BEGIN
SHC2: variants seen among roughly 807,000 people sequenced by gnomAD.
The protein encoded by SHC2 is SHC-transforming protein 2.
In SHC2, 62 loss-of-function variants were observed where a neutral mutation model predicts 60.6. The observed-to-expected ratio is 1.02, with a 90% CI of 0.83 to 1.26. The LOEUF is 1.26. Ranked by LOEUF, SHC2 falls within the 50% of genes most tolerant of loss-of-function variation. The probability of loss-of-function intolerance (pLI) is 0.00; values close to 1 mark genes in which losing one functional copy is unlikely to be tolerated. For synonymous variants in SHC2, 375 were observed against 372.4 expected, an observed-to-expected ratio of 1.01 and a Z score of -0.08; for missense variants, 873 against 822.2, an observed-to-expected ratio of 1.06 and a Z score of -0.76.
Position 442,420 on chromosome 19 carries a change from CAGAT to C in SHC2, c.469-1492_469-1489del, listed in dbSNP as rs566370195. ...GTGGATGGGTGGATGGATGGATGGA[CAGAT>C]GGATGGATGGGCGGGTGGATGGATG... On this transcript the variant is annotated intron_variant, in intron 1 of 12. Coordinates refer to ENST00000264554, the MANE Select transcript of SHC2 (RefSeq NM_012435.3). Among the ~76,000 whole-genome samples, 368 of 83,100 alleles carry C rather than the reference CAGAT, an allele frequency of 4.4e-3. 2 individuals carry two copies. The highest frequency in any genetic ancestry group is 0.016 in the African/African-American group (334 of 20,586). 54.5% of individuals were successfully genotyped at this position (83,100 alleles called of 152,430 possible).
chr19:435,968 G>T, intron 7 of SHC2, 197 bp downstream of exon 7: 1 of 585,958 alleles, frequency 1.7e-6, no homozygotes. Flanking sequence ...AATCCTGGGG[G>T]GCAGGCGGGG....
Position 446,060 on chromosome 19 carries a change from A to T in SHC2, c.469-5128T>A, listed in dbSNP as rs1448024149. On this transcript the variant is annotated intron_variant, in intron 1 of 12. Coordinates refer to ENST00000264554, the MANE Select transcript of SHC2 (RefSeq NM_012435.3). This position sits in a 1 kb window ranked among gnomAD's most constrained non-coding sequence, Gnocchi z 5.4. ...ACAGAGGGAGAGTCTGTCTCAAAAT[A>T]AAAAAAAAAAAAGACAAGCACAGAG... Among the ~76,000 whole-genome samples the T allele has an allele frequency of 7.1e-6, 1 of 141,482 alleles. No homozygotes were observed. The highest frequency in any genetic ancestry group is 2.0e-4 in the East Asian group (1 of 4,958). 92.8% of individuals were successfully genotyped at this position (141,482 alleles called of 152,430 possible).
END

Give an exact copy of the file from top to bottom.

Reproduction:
SHC2: variants seen among roughly 807,000 people sequenced by gnomAD.
The protein encoded by SHC2 is SHC-transforming protein 2.
In SHC2, 62 loss-of-function variants were observed where a neutral mutation model predicts 60.6. The observed-to-expected ratio is 1.02, with a 90% CI of 0.83 to 1.26. The LOEUF is 1.26. Ranked by LOEUF, SHC2 falls within the 50% of genes most tolerant of loss-of-function variation. The probability of loss-of-function intolerance (pLI) is 0.00; values close to 1 mark genes in which losing one functional copy is unlikely to be tolerated. For synonymous variants in SHC2, 375 were observed against 372.4 expected, an observed-to-expected ratio of 1.01 and a Z score of -0.08; for missense variants, 873 against 822.2, an observed-to-expected ratio of 1.06 and a Z score of -0.76.
Position 442,420 on chromosome 19 carries a change from CAGAT to C in SHC2, c.469-1492_469-1489del, listed in dbSNP as rs566370195. ...GTGGATGGGTGGATGGATGGATGGA[CAGAT>C]GGATGGATGGGCGGGTGGATGGATG... On this transcript the variant is annotated intron_variant, in intron 1 of 12. Coordinates refer to ENST00000264554, the MANE Select transcript of SHC2 (RefSeq NM_012435.3). Among the ~76,000 whole-genome samples, 368 of 83,100 alleles carry C rather than the reference CAGAT, an allele frequency of 4.4e-3. 2 individuals carry two copies. The highest frequency in any genetic ancestry group is 0.016 in the African/African-American group (334 of 20,586). 54.5% of individuals were successfully genotyped at this position (83,100 alleles called of 152,430 possible).
chr19:435,968 G>T, intron 7 of SHC2, 197 bp downstream of exon 7: 1 of 585,958 alleles, frequency 1.7e-6, no homozygotes. Flanking sequence ...AATCCTGGGG[G>T]GCAGGCGGGG....
Position 446,060 on chromosome 19 carries a change from A to T in SHC2, c.469-5128T>A, listed in dbSNP as rs1448024149. On this transcript the variant is annotated intron_variant, in intron 1 of 12. Coordinates refer to ENST00000264554, the MANE Select transcript of SHC2 (RefSeq NM_012435.3). This position sits in a 1 kb window ranked among gnomAD's most constrained non-coding sequence, Gnocchi z 5.4. ...ACAGAGGGAGAGTCTGTCTCAAAAT[A>T]AAAAAAAAAAAAGACAAGCACAGAG... Among the ~76,000 whole-genome samples the T allele has an allele frequency of 7.1e-6, 1 of 141,482 alleles. No homozygotes were observed. The highest frequency in any genetic ancestry group is 2.0e-4 in the East Asian group (1 of 4,958). 92.8% of individuals were successfully genotyped at this position (141,482 alleles called of 152,430 possible).